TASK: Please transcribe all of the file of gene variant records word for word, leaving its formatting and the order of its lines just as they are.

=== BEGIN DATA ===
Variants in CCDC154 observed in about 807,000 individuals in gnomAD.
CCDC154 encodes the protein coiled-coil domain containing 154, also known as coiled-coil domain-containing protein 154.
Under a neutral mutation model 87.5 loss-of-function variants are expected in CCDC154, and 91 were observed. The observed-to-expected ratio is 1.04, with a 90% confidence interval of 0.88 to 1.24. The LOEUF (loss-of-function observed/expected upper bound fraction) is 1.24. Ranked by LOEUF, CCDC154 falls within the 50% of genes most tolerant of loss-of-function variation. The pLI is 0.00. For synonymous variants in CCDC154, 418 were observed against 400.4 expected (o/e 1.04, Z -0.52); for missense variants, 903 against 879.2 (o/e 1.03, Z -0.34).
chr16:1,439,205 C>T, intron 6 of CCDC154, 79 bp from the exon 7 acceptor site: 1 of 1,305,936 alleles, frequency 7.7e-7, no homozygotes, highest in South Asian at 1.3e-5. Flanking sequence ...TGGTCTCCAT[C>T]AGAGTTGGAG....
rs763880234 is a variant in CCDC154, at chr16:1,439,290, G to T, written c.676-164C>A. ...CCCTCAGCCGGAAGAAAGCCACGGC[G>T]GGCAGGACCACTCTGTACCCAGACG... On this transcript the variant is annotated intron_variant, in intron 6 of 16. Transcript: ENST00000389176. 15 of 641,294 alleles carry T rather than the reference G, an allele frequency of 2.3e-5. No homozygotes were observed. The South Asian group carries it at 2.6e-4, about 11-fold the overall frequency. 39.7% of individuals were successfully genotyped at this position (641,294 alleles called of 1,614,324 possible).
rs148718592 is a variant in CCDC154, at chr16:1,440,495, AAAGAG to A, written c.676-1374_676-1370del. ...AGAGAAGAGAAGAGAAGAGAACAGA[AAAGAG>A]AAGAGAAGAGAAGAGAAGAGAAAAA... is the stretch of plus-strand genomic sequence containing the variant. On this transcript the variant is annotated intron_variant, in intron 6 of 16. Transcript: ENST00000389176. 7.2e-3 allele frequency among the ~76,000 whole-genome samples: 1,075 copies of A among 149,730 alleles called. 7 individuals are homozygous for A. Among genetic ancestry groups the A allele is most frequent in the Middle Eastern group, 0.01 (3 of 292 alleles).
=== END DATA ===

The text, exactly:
Variants in CCDC154 observed in about 807,000 individuals in gnomAD.
CCDC154 encodes the protein coiled-coil domain containing 154, also known as coiled-coil domain-containing protein 154.
Under a neutral mutation model 87.5 loss-of-function variants are expected in CCDC154, and 91 were observed. The observed-to-expected ratio is 1.04, with a 90% confidence interval of 0.88 to 1.24. The LOEUF (loss-of-function observed/expected upper bound fraction) is 1.24. Ranked by LOEUF, CCDC154 falls within the 50% of genes most tolerant of loss-of-function variation. The pLI is 0.00. For synonymous variants in CCDC154, 418 were observed against 400.4 expected (o/e 1.04, Z -0.52); for missense variants, 903 against 879.2 (o/e 1.03, Z -0.34).
chr16:1,439,205 C>T, intron 6 of CCDC154, 79 bp from the exon 7 acceptor site: 1 of 1,305,936 alleles, frequency 7.7e-7, no homozygotes, highest in South Asian at 1.3e-5. Flanking sequence ...TGGTCTCCAT[C>T]AGAGTTGGAG....
rs763880234 is a variant in CCDC154, at chr16:1,439,290, G to T, written c.676-164C>A. ...CCCTCAGCCGGAAGAAAGCCACGGC[G>T]GGCAGGACCACTCTGTACCCAGACG... On this transcript the variant is annotated intron_variant, in intron 6 of 16. Transcript: ENST00000389176. 15 of 641,294 alleles carry T rather than the reference G, an allele frequency of 2.3e-5. No homozygotes were observed. The South Asian group carries it at 2.6e-4, about 11-fold the overall frequency. 39.7% of individuals were successfully genotyped at this position (641,294 alleles called of 1,614,324 possible).
rs148718592 is a variant in CCDC154, at chr16:1,440,495, AAAGAG to A, written c.676-1374_676-1370del. ...AGAGAAGAGAAGAGAAGAGAACAGA[AAAGAG>A]AAGAGAAGAGAAGAGAAGAGAAAAA... is the stretch of plus-strand genomic sequence containing the variant. On this transcript the variant is annotated intron_variant, in intron 6 of 16. Transcript: ENST00000389176. 7.2e-3 allele frequency among the ~76,000 whole-genome samples: 1,075 copies of A among 149,730 alleles called. 7 individuals are homozygous for A. Among genetic ancestry groups the A allele is most frequent in the Middle Eastern group, 0.01 (3 of 292 alleles).